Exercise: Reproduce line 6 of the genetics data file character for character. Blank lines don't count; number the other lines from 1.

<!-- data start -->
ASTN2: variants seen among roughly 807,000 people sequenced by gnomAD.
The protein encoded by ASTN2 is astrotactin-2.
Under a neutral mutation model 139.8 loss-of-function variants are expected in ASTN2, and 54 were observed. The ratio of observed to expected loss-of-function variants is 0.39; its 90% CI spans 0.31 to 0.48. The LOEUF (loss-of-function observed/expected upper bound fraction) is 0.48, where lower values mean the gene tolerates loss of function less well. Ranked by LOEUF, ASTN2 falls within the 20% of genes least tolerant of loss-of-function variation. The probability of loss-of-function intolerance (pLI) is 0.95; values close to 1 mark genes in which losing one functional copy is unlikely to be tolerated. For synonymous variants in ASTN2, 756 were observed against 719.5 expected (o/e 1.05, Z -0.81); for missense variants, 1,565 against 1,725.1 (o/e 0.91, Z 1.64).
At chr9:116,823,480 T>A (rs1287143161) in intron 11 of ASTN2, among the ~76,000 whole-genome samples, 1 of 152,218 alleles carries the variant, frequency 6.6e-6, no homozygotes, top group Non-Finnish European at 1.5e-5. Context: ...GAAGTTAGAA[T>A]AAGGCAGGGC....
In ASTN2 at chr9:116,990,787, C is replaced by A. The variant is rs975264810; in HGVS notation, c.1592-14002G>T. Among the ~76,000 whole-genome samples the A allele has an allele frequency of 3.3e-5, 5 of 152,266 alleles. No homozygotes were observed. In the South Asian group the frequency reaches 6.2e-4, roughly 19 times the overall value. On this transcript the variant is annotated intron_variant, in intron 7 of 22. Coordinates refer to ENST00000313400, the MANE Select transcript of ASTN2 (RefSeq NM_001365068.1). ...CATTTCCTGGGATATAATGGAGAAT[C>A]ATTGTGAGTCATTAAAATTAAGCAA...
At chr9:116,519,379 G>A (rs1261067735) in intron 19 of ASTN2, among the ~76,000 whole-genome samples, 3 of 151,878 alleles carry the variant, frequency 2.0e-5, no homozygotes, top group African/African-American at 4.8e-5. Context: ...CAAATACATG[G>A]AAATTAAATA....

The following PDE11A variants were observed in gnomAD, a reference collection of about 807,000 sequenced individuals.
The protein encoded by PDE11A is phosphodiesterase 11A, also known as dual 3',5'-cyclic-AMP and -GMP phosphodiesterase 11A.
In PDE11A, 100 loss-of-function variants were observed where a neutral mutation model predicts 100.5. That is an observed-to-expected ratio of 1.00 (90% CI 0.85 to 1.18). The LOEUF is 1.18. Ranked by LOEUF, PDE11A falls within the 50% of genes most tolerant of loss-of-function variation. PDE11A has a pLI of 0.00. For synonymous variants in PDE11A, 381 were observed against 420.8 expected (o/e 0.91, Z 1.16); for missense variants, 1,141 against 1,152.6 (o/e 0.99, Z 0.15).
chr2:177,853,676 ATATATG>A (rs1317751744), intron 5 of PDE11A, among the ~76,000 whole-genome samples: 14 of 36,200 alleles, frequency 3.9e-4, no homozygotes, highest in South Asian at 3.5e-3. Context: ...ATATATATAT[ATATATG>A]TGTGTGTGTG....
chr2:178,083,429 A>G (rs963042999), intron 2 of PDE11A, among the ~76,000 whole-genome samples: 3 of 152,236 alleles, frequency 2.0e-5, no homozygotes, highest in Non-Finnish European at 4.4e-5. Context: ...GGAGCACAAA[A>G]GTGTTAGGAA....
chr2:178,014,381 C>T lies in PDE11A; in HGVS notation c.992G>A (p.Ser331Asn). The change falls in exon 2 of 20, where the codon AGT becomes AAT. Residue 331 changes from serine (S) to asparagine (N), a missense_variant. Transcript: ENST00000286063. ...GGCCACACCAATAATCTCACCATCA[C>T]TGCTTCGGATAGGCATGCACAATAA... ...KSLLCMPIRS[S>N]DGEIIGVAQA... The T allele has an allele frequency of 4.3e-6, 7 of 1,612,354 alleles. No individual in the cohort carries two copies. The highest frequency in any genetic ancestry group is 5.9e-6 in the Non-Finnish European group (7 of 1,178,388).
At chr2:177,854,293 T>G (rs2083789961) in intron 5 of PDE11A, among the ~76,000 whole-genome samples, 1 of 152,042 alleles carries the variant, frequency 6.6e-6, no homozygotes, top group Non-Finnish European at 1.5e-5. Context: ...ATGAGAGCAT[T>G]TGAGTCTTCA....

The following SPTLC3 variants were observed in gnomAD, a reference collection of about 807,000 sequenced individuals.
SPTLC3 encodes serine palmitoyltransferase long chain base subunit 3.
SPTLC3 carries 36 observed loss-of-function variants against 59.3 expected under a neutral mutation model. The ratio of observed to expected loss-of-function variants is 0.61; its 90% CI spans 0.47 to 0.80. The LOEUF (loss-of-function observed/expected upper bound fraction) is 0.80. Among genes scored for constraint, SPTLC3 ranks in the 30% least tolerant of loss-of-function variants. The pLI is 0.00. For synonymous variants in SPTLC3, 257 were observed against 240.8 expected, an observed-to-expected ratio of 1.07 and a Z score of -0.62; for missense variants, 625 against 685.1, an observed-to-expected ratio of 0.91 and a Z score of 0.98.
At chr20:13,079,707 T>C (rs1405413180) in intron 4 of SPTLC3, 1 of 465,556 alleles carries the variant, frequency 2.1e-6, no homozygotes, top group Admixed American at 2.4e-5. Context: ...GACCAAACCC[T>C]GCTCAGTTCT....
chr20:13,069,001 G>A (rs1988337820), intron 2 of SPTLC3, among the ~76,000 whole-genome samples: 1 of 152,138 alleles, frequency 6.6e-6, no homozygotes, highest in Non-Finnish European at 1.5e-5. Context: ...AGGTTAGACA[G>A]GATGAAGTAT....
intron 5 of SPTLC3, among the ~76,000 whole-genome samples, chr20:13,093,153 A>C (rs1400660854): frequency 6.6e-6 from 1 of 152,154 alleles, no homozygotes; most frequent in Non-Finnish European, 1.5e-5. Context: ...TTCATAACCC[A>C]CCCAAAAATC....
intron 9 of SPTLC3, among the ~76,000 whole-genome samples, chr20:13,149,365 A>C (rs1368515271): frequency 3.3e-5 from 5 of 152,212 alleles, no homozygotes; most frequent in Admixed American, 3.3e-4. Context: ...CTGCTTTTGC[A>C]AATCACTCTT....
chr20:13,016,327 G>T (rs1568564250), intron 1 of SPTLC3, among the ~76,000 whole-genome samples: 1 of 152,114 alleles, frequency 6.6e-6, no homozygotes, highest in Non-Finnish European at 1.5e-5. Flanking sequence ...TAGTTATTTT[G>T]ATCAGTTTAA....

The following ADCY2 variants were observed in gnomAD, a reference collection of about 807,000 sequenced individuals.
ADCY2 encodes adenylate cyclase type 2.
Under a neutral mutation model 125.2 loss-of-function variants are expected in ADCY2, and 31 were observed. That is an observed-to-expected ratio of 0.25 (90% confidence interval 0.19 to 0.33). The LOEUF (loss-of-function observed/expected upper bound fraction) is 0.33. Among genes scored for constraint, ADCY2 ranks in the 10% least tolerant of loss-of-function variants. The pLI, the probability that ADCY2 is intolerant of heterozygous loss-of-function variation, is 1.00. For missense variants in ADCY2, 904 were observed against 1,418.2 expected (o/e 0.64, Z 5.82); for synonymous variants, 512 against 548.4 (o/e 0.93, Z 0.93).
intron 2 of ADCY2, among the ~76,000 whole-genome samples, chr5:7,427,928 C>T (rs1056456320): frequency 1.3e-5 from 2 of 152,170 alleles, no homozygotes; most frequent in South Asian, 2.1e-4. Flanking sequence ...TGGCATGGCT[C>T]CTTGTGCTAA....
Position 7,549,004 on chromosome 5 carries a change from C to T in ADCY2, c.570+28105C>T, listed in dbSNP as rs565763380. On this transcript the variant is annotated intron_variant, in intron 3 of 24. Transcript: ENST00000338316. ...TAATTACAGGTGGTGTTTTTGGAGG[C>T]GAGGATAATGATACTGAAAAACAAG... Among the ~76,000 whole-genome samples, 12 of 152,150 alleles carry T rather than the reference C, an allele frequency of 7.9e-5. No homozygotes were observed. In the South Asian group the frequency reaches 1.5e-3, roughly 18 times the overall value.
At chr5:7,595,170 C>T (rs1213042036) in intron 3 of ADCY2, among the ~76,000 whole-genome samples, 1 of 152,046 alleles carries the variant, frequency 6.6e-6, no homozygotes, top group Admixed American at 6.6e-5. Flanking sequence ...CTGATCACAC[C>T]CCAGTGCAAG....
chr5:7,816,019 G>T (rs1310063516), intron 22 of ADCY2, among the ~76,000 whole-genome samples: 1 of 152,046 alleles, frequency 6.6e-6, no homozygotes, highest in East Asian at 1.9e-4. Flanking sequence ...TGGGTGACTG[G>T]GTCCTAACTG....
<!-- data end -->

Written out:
At chr9:116,519,379 G>A (rs1261067735) in intron 19 of ASTN2, among the ~76,000 whole-genome samples, 3 of 151,878 alleles carry the variant, frequency 2.0e-5, no homozygotes, top group African/African-American at 4.8e-5. Context: ...CAAATACATG[G>A]AAATTAAATA....